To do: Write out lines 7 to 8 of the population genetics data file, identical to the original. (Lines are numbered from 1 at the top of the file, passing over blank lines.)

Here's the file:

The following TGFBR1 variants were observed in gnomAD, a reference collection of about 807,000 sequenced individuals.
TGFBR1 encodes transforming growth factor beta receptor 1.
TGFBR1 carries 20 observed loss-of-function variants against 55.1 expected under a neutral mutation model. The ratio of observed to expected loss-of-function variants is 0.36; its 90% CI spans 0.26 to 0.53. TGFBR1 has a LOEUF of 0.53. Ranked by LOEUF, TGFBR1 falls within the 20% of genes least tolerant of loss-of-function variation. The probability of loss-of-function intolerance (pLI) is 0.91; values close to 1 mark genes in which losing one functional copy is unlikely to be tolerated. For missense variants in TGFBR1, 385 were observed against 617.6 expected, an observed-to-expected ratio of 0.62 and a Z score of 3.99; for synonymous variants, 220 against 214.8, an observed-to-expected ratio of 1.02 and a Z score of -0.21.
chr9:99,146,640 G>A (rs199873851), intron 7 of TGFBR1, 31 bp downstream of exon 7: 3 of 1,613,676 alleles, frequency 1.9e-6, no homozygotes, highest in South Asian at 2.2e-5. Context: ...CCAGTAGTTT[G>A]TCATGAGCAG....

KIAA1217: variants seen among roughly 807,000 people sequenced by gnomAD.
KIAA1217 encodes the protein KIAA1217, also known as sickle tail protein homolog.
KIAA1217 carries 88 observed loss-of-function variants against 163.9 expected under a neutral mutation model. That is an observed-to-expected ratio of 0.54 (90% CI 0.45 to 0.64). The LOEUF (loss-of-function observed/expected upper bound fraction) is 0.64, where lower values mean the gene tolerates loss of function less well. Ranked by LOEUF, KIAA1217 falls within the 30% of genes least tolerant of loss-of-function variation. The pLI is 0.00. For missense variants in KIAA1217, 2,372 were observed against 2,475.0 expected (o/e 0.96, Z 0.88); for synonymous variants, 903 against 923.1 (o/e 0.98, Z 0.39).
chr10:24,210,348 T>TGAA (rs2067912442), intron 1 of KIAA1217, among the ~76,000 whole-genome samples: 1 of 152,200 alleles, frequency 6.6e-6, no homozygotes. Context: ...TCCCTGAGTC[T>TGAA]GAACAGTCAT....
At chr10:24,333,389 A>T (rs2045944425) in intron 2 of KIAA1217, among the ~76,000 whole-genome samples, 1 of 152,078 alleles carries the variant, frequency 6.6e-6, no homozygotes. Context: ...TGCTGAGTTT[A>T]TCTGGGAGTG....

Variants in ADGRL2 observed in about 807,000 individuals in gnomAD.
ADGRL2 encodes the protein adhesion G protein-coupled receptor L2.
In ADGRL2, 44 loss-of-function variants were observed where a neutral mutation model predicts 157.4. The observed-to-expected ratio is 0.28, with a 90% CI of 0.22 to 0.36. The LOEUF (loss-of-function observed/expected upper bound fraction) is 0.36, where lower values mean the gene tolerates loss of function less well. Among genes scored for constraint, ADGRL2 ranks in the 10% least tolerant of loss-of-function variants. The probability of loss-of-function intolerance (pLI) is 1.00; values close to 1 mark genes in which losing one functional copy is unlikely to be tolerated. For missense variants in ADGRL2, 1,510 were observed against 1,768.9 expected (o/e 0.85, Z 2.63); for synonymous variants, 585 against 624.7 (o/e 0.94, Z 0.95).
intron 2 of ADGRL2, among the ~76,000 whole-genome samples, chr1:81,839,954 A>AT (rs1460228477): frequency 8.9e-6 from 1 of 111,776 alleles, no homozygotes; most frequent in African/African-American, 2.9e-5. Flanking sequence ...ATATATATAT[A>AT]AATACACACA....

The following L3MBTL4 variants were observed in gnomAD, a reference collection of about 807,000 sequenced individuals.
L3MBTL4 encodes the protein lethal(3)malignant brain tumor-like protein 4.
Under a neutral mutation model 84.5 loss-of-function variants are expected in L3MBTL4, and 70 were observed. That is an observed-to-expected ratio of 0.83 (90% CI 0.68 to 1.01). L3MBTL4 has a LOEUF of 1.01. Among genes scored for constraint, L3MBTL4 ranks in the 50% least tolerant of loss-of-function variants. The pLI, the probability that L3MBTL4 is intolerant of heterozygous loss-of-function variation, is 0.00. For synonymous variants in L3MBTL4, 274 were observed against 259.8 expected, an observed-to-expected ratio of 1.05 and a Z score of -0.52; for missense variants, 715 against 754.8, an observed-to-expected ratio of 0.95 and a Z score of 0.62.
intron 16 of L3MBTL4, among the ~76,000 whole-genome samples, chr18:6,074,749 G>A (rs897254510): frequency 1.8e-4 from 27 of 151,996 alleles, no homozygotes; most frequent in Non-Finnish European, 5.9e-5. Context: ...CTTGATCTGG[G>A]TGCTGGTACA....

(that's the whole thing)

KIAA1217 carries 88 observed loss-of-function variants against 163.9 expected under a neutral mutation model. That is an observed-to-expected ratio of 0.54 (90% CI 0.45 to 0.64). The LOEUF (loss-of-function observed/expected upper bound fraction) is 0.64, where lower values mean the gene tolerates loss of function less well. Ranked by LOEUF, KIAA1217 falls within the 30% of genes least tolerant of loss-of-function variation. The pLI is 0.00. For missense variants in KIAA1217, 2,372 were observed against 2,475.0 expected (o/e 0.96, Z 0.88); for synonymous variants, 903 against 923.1 (o/e 0.98, Z 0.39).
chr10:24,210,348 T>TGAA (rs2067912442), intron 1 of KIAA1217, among the ~76,000 whole-genome samples: 1 of 152,200 alleles, frequency 6.6e-6, no homozygotes. Context: ...TCCCTGAGTC[T>TGAA]GAACAGTCAT....